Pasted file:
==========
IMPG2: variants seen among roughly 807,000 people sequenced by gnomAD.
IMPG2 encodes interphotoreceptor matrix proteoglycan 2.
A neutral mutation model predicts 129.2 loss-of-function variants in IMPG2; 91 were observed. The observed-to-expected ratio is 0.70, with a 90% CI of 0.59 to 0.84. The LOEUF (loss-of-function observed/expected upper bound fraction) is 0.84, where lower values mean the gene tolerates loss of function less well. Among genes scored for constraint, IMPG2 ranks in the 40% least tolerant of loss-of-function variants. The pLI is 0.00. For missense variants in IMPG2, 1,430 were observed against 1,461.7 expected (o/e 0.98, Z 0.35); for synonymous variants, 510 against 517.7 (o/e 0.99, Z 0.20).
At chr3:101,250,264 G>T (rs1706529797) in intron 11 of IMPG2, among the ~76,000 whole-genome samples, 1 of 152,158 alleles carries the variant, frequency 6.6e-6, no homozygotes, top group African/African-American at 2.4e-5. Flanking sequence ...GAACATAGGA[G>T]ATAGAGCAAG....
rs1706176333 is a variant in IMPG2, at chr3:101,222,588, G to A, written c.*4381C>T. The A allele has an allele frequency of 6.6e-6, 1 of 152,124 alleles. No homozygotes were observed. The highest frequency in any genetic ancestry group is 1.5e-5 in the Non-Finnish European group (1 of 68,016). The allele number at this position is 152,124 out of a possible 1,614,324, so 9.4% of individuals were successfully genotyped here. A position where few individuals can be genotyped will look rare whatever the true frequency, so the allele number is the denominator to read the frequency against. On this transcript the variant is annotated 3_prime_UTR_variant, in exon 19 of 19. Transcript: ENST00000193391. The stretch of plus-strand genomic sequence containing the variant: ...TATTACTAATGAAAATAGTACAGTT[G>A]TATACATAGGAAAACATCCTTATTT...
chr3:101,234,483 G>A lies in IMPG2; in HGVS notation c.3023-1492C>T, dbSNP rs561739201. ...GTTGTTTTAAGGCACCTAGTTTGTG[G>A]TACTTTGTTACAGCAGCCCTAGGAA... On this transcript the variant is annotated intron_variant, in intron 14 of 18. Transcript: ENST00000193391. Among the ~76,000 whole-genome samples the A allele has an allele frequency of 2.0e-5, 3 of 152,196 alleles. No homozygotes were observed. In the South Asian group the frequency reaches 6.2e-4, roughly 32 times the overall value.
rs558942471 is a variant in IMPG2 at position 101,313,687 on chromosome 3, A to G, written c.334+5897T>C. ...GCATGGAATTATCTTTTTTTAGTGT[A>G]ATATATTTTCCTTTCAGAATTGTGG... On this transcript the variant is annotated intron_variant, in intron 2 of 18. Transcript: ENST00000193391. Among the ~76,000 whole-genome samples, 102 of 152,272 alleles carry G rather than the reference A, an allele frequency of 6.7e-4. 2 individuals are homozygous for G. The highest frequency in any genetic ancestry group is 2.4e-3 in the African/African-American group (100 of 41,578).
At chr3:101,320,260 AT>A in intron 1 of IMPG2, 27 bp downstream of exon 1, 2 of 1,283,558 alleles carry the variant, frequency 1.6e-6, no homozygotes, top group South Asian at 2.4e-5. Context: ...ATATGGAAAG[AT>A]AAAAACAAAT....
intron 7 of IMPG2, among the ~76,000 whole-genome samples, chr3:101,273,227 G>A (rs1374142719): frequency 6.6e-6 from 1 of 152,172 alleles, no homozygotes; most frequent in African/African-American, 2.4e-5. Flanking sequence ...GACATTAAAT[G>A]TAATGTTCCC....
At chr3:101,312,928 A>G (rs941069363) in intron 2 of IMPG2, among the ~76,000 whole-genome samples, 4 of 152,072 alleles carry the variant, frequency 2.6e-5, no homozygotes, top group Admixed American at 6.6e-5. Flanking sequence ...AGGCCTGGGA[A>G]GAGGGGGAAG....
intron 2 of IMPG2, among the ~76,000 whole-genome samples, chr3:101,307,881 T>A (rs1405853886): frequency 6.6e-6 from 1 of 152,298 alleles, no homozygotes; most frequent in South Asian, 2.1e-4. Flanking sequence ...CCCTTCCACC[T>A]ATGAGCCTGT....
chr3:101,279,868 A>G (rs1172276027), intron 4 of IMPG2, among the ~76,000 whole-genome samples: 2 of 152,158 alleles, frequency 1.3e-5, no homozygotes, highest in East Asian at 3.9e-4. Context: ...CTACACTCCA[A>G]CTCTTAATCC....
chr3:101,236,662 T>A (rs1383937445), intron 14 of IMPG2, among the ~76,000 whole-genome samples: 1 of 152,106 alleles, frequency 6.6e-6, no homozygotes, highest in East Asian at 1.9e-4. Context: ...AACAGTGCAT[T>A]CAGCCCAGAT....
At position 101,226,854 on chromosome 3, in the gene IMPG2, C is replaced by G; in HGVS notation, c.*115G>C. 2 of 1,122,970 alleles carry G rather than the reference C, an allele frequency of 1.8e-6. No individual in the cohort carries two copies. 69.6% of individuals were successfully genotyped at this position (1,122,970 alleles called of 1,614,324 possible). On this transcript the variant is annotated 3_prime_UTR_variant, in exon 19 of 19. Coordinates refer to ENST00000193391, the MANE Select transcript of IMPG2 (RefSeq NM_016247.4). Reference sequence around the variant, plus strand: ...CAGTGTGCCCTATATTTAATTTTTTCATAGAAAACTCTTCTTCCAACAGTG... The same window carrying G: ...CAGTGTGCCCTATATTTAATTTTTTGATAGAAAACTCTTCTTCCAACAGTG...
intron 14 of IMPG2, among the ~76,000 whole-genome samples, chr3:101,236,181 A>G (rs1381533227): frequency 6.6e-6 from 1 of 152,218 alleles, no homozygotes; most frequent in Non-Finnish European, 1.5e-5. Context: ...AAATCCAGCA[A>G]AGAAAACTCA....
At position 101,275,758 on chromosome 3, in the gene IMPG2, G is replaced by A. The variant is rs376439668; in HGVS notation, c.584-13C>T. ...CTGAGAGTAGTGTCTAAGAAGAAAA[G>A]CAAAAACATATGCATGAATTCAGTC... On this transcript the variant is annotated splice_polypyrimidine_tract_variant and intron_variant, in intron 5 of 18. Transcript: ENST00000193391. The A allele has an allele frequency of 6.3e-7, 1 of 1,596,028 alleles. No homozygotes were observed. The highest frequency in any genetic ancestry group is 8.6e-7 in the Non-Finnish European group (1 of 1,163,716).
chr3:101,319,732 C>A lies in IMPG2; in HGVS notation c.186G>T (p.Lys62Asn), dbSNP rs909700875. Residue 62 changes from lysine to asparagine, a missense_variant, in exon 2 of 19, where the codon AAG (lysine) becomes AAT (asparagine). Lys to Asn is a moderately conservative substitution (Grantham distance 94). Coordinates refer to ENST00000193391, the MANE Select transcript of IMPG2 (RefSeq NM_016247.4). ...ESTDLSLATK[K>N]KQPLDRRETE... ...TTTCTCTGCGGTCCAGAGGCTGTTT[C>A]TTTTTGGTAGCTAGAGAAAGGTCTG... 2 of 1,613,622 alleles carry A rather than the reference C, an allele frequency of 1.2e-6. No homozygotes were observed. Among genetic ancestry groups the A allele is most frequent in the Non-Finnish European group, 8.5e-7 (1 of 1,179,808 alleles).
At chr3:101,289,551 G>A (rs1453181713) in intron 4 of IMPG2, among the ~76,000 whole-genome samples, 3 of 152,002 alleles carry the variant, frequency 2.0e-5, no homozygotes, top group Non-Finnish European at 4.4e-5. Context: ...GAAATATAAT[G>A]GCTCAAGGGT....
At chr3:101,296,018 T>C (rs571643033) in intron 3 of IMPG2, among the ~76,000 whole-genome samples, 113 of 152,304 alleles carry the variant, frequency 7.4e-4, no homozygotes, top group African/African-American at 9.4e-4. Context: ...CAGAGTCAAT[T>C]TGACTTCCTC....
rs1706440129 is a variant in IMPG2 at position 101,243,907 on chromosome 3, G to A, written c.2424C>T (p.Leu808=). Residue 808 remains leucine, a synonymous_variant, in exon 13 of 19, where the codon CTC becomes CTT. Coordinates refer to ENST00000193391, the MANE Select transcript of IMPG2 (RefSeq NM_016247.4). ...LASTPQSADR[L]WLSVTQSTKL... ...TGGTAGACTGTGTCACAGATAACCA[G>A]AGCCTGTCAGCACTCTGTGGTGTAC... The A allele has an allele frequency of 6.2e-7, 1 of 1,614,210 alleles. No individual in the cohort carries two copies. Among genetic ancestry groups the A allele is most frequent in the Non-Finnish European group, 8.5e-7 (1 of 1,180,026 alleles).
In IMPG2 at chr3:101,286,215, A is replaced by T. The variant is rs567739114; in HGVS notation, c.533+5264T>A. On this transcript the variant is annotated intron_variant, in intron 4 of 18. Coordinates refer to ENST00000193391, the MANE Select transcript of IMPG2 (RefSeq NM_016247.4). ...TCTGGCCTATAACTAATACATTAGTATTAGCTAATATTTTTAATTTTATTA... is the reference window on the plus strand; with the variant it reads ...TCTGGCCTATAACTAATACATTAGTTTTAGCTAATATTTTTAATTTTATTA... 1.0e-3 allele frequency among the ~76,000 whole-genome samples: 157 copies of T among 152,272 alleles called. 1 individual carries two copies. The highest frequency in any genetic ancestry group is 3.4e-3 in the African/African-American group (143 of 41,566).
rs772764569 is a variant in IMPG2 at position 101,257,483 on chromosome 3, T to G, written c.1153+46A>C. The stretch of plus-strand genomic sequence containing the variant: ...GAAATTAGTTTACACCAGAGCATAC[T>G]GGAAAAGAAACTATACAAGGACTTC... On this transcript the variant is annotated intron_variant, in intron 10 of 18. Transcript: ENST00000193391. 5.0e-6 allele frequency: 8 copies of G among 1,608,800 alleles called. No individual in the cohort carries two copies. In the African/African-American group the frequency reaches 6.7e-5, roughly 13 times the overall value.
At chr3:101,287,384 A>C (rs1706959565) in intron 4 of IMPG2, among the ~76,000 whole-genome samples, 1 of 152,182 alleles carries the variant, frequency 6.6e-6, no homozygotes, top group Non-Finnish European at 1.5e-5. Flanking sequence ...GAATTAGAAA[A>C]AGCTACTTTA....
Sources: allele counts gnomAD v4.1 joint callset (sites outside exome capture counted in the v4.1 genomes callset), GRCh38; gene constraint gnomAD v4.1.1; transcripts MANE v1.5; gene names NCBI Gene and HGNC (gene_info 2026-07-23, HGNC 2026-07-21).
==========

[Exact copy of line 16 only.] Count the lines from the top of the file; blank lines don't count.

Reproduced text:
At position 101,275,758 on chromosome 3, in the gene IMPG2, G is replaced by A. The variant is rs376439668; in HGVS notation, c.584-13C>T. ...CTGAGAGTAGTGTCTAAGAAGAAAA[G>A]CAAAAACATATGCATGAATTCAGTC... On this transcript the variant is annotated splice_polypyrimidine_tract_variant and intron_variant, in intron 5 of 18. Transcript: ENST00000193391. The A allele has an allele frequency of 6.3e-7, 1 of 1,596,028 alleles. No homozygotes were observed. The highest frequency in any genetic ancestry group is 8.6e-7 in the Non-Finnish European group (1 of 1,163,716).